Marian, we feel the same way - family gifts are kept to an absolute minimum and come from small local craft organizations with a commitment to sustainability and green living. We too celebrate the solstice with a vegetarian meal and a glass of wine, celebrating the return of the light in a place where there is little light at this time of the year.

Tess Giles Marshall said...

Fantastic post, Marian, really helpful for all the Christmas dreaders among us!

Kate Compston said...

Thank you for this. I have a real sense of 'disconnect' even in our own society (where, yes, it can snow appropriately): we stress the glitz and conveniently forget the challenging side of Christmas. I too like to spend the festival quietly, going 'deep' rather than going 'wide'. But it's hard when other members of the family and friends have different priorities. I guess it's always helpful when other people are living by values one shares (or would like to share!)and are happy to talk about this.

Kel said...

your post really resonates with me

born and bred Aussie we had our first white xmas last year while travelling nth america

mr x and i both felt like xmas made more sense in that snowy wintry environment

reading the symbolism link made me slap my forehead and go "of course"

we're both 3rd generation Aussies, but European and English heritage is obviously still working its way out of our genetics :)

janeywan said...

Makes sense to me. Thanks for writing it so eloquently.

Isabel Cuerrier said...

Thank you for this post. It helps me be a better human being in that you've opened my eyes of understanding.
My appreciation and enjoyment of Christmas and all its festivities nearly died when my sixteen year-old daughter Starr was killed in a tragic automobile accident. The arrival of an adopted little girl named Sapphira and two grandbaby girls have changed my perspective. I see and feel their joy. Just today, three and a half year-old Sapphira exclaimed, "This is my best Christmas ever!"
Isabel Cuerrier

Elderwoman said...

Thanks for all these great comments.
@Tess: did you see Louise's great article for 'Christmas dreaders' that I posted about on facebook?
@Kate: you'd probably enjoy that article too, as she talks about the problem you mention re pressures from family and friends. (I’ll add the link to the bottom of my post as I can’t hotlink it here in comments)
@Kel: that's fascinating, your experience in the US last year. Makes good sense though.
@Janet: I bet you have a wonderfully quiet Christmas up there in your beautiful mountains.
@Isabel: thank you for sharing that. You are an inspiration!

Elderwoman said...

Cate, that is exactly the kind of Christmas I would have expected you'd have. Sounds just right. Hugs. M.

Anne said...

A few years ago, I began feeling a disconnect between the true meaning of Christmas and our celebration. I researched the origins of Christmas and was stunned to learn that all of the symbols, rituals and "holy" days are rooted in paganism. The temples, robes, crosses, chants, even decorating tree are all pagan ideas. The nuns neglected to teach us those facts in Catholic school! I can't blame the nuns, I doubt they were taught the truth either. Somehow, the celebration of a beautiful, peaceful, natural event (winter solstice) turned into a stressful, materialistic, nature-destroying event.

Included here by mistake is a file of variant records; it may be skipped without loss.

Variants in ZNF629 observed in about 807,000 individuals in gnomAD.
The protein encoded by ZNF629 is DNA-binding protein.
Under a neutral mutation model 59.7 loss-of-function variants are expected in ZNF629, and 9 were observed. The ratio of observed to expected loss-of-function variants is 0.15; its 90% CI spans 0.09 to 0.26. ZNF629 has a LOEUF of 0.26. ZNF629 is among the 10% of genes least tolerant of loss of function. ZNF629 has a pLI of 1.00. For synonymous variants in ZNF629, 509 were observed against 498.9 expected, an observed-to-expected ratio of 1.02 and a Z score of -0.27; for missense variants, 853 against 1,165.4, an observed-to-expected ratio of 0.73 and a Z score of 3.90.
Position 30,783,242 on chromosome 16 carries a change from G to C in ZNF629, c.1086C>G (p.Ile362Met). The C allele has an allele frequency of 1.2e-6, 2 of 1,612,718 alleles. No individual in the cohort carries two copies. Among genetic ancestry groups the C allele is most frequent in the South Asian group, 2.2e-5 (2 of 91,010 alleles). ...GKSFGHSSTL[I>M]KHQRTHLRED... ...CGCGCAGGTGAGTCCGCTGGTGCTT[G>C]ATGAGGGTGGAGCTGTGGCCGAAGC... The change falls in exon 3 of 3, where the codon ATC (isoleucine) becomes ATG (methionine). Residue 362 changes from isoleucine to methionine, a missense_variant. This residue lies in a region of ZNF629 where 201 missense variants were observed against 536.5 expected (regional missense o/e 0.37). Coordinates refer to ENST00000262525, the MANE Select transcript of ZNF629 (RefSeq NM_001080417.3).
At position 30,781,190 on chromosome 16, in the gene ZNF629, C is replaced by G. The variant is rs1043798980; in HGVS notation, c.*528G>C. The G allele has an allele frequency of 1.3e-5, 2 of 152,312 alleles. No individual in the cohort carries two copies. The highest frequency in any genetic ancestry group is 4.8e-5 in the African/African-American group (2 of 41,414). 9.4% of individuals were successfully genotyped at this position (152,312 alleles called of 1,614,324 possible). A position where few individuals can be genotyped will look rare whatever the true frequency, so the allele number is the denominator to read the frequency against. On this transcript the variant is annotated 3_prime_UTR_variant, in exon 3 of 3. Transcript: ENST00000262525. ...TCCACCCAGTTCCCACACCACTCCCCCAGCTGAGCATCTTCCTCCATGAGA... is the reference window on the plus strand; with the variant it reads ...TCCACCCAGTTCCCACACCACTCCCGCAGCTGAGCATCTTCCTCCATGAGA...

I believe if more people understood the origin of our Christmas celebration, they would find a way to celebrate the magic and "holiness" of the season in spiritually "green" ways. Thanks Marian for great tips to "green" up our celebration!

Fay's Too said...

That post is still echoing around in my brain. It touched me in many ways. This is the first year I've been at peace with the season, perhaps because I'm more comfortable with Pantheism and less angry at so many things. I'd be honored if you read something of mine FaysToo or WantofWords. And you're more than welcome with us, network.pantheist.net.

Ladybug said...

"Hi - I'm new here."

Nice writing, with insightful thoughts. To me, it comes down to really thinking through our feelings and what & where our "traditions" come from. Some resonate loudly with us - some do not. You are absolutely right that each needs to narrow it all down to what is most meaningful to them. I think the difficult part can be bucking the flow of any season and the rampant commercialism/consumerism that accompanies it. Younger folks just sort of go along with it, thinking that's how it's supposed to be. As we mature & grow older, we might choose to be more introspective and analytical and move on from those long-accepted ways of "celebrating."

I'm enjoying your blog very much!

Elderwoman said...

I love the way comments on my posts introduce me to wonderful blogs I hadn't come across before. Thank you.

One Woman's Journey - a journal being written from Woodhaven - her cottage in the woods. said...

Oh my
I am a month late reading your entry. I feel the same way.
Living alone in my cottage by the woods I can celebrate like Cate and you. I think my children and grandchildren like simple way of celebrating.
You mentioned a word that I share with people when asked about my life at this time - the word is
"freedom."

helena said...

Just discovered your blog. Thank you for the Solstice Message. I'm a new blogger, and a new reader of blogs, but hope to link you so that I can be sure and read future posts.